AFTie Ed says public and private sector unions, it's all the same struggle. I don't agree.
Over at Fordham, Mike Petrilli, who doesn't do a very good job hiding some delightfully progressive tendencies that must annoy his boss, takes on Charles Murray for his ridiculous WSJ op-ed of yesterday. What's most troubling to me about this is that like other conservative broadsides against the No Child law, some on the left cheered this op-ed...
Also, if you just can't get enough Petrilli, don't miss his must-read Ed Week commentary on No Child. What works, whatever works, and what it means.
Per the post below, one more thought I didn't have time to get to this AM: I don't think there will be a teacher strike in NYC, I don't think the public would support it and I think the union knows that. And, teacher strikes have been declining for some time anyway. What this tough talk about a strike is really about is internal union politics, letting the members know that the leadership is going to fight for them, building solidarity, and so forth Remember, union heads do have to be reelected so they're politicians, too…What's different now, as opposed to just a few years ago, is all these blogs. In the past you could send out these internal messages and for the most part they stayed below the radar. Now, since the unions' blogs are a good way for them to communicate with members, they rattle their sabers there, and before long it boomerangs around all over the place to places like Joe Williams' haunts.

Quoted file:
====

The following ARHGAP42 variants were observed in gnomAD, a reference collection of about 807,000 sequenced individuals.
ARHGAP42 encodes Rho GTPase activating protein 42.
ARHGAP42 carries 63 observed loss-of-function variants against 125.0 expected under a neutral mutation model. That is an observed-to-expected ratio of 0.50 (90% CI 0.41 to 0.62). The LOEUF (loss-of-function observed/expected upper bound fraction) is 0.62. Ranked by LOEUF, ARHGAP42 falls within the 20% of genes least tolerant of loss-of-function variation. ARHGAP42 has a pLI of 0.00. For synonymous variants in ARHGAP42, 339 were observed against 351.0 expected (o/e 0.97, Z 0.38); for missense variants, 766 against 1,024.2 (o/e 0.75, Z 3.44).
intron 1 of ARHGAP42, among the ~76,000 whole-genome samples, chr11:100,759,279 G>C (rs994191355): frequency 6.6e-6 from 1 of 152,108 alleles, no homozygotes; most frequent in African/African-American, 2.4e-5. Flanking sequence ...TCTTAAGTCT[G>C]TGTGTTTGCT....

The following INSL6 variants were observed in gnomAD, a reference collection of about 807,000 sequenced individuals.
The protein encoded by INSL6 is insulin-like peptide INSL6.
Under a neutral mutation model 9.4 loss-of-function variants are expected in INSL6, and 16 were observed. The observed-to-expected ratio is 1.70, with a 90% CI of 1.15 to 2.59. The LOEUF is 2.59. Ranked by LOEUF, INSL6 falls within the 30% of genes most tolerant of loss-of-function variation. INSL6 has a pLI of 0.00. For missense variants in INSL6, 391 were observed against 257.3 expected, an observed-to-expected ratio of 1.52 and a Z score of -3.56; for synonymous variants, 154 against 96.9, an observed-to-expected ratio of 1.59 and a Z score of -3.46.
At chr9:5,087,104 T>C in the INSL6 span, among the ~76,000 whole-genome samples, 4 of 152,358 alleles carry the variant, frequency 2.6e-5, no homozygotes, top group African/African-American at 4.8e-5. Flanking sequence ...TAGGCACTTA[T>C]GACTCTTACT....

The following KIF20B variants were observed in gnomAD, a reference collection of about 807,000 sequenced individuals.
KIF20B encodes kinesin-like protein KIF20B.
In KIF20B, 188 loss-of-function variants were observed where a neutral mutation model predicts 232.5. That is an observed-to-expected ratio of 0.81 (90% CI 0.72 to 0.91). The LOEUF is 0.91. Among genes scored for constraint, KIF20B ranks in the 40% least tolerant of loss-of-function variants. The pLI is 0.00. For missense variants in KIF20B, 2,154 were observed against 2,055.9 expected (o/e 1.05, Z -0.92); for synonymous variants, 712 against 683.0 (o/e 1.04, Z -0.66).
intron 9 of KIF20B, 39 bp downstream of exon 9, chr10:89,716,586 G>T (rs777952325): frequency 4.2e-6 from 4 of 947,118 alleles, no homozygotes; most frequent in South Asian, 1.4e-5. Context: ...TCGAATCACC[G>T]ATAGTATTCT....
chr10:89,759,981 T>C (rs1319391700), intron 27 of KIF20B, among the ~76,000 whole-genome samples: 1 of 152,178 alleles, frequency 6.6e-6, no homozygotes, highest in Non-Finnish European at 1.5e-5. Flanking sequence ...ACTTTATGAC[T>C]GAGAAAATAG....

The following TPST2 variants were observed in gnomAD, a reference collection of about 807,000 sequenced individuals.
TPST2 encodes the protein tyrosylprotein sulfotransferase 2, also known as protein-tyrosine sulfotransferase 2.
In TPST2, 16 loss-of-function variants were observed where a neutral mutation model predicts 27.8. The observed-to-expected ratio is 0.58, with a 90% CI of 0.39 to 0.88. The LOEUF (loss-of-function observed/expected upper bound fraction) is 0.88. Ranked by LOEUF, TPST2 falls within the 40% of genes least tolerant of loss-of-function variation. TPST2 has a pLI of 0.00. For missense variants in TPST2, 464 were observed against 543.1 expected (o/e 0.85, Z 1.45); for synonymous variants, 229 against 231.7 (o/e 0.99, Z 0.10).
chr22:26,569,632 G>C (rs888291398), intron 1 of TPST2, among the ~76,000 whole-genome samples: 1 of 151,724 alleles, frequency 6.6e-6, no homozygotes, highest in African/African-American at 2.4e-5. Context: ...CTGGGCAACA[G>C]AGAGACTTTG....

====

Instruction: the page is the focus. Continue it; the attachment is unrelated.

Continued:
There is an eduscuffle between Joe Williams and AFTie Ed. In reference to a possible teacher strike in NYC Joe asked:
For those elected officials who still think a bunch of political ads aimed at grownups are "too mean," what do you make of job actions aimed at kids who desperately need every ounce of education we can give them?
AFTie Ed then responded:
Joe, it is dishonest to frame a labor-management dispute as a conflict between service providers and the recipients of those services. That’s management’s way of using the people receiving the services as hostages.
Enlightened AFTies, help me understand this. Seems to me this is basically exactly that kind of dispute. Schools (using teachers) provide a service that people receive and that we are all stakeholders in since it's a public service, no? The disputed issue is at its core the question of what it is fair and/or possible to pay for that service. Sure, the kids are caught in the middle but, specific demands notwithstanding, are no more "hostages" of labor than management. Seems like AFTie Ed, whose posts I usually enjoy reading, is falling into the trap of (a) neglecting to engage with the very real differences between unionization in the public and private sectors and (b) assuming that the teachers' union position on any of these questions is axiomatically the correct and right one and that criticism is inherently wrong or dishonest. On the latter, don’t we already have enthusiastic eduflack AFTie John to beat that drum?